Fighting Dashes Hopes of Homecoming for Displaced in Kachin
BURMA

Fighting Dashes Hopes of Homecoming for Displaced in Kachin

Myanmar, Kachin, Burma, KIO, KIA, Gun Maw, IDP, internally displaced people, refugees, civil war, ceasefire,

A camp for internally displaced persons in Kachin State, northern Burma. (Photo: JPaing / The Irrawaddy)

RANGOON — A recent outbreak of fighting marks a setback for people in Kachin State who want to return to their homes after being displaced by fighting between ethnic rebels and Burmese government troops, according to local aid groups.

An estimated 120,000 people are living in about 100 temporary camps in both government-held territory and areas controlled by the Kachin Independence Army (KIA) after fleeing their homes during clashes in the state since a ceasefire broke down in June 2011.

A relative lull in fighting and continuing talks involving the Kachin and most of Burma’s ethnic armed groups toward a nationwide ceasefire had raised hopes that internally displaced persons (IDPs) could soon go home.

But the Burma Army made an incursion into KIA territory in northern Bhamo Township on Feb. 12, killing at least two rebel troops. KIA Deputy Chief of Staff Gen. Gun Maw told The Irrawaddy last week that the Burma Army had used a crackdown on illegal loggers as a pretext for the attack, and said the KIA’s political wing, the Kachin Independence Organization (KIO), would have to reconsider the peace process after the attack.

La Ray, who works with IDPs for the Kachin Baptist Convention, said the attack had dented tentative hopes of a return home before this year’s wet season.

“Because of the fighting between KIA and Burmese troops last week, it is unthinkable to hope of returning home, even though peace talks are going on,” he said.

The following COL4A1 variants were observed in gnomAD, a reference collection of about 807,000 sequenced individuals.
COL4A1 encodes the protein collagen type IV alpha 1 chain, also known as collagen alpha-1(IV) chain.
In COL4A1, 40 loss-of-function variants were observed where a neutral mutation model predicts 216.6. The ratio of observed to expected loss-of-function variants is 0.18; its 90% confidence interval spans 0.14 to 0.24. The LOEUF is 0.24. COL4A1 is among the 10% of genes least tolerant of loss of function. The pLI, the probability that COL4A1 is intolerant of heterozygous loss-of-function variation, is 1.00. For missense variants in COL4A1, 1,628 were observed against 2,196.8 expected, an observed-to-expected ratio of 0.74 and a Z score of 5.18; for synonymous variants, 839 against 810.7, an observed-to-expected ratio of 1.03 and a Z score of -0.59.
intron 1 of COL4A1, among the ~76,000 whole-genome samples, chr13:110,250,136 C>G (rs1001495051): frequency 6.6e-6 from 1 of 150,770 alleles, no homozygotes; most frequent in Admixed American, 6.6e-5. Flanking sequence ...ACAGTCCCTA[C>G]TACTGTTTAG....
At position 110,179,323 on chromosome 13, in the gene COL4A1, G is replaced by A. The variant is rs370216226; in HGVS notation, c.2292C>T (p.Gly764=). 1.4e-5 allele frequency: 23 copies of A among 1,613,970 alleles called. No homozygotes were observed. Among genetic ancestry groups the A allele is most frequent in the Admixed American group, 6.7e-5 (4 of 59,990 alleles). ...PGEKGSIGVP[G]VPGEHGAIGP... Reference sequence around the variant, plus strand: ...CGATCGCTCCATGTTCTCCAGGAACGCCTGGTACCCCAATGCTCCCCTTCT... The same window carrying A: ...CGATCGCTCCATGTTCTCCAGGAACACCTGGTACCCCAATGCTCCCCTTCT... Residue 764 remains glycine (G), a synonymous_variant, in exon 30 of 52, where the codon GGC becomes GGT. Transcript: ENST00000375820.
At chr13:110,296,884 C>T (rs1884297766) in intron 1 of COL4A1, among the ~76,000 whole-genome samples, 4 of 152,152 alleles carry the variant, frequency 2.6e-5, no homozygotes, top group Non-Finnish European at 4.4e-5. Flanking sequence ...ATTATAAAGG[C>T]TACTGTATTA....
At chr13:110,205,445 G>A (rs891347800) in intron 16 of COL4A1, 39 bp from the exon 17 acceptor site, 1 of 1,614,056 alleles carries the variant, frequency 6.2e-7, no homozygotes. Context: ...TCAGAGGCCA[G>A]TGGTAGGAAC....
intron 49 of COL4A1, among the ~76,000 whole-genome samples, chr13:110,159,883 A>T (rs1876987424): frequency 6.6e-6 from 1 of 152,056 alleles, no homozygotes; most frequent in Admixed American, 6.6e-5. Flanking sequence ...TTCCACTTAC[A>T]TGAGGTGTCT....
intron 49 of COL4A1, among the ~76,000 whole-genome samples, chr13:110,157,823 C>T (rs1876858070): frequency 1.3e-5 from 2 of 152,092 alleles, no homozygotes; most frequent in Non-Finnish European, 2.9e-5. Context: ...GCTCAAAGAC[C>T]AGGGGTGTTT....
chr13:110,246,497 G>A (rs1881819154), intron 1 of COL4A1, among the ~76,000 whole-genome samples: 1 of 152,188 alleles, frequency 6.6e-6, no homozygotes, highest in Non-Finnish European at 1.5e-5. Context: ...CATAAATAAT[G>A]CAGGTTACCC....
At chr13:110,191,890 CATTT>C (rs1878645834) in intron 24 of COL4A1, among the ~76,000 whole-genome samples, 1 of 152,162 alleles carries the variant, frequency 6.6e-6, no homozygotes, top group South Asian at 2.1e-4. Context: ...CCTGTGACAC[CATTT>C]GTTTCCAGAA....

“Hearing the news about the progress of the peace talks, the refugees formerly believed that they could return home very soon. But now the fighting is continuing, and some refugees are depressed. They are desperate, and say they will never be able to go home in their lifetimes.”

He added that many in the camps had turned to drugs, mainly heroin, to relive the boredom and hopelessness of their situation.

“Although we are trying to educate them about drugs and giving moral encouragement, we are afraid this will become a popular habit among the refugees,” La Ray said.

Naw Din, head of the Karuna Myanmar Social Service relief team, said that while United Nations organizations like Unicef are delivering aid, access to some camps is limited, especially those in KIA-controlled areas—where about 60 percent of them are living.

The Chinese Embassy in Rangoon announced this week on its Facebook page that the Chinese Red Cross Society was sending 10,000 boxes of rice, cooking oil, emergency medicine and other supplies to IDPs over the border, at a cost of 800 million kyat, or about $800,000. The embassy said the aid would be distributed by the Burmese Red Cross, but it was unclear whether it would reach the camps inside rebel territory.

“The aid reaching camps located deep inside KIA/KIO controlled areas is still limited because of the continuous tensions between the government troops and KIA,” said Naw Din.

“It is not even easy for people in the camps that are outside of KIA-controlled areas because they have limited food and medicine as they depend a lot on the donations. If donors can’t reach in time, food and medicines will be in shortage.”


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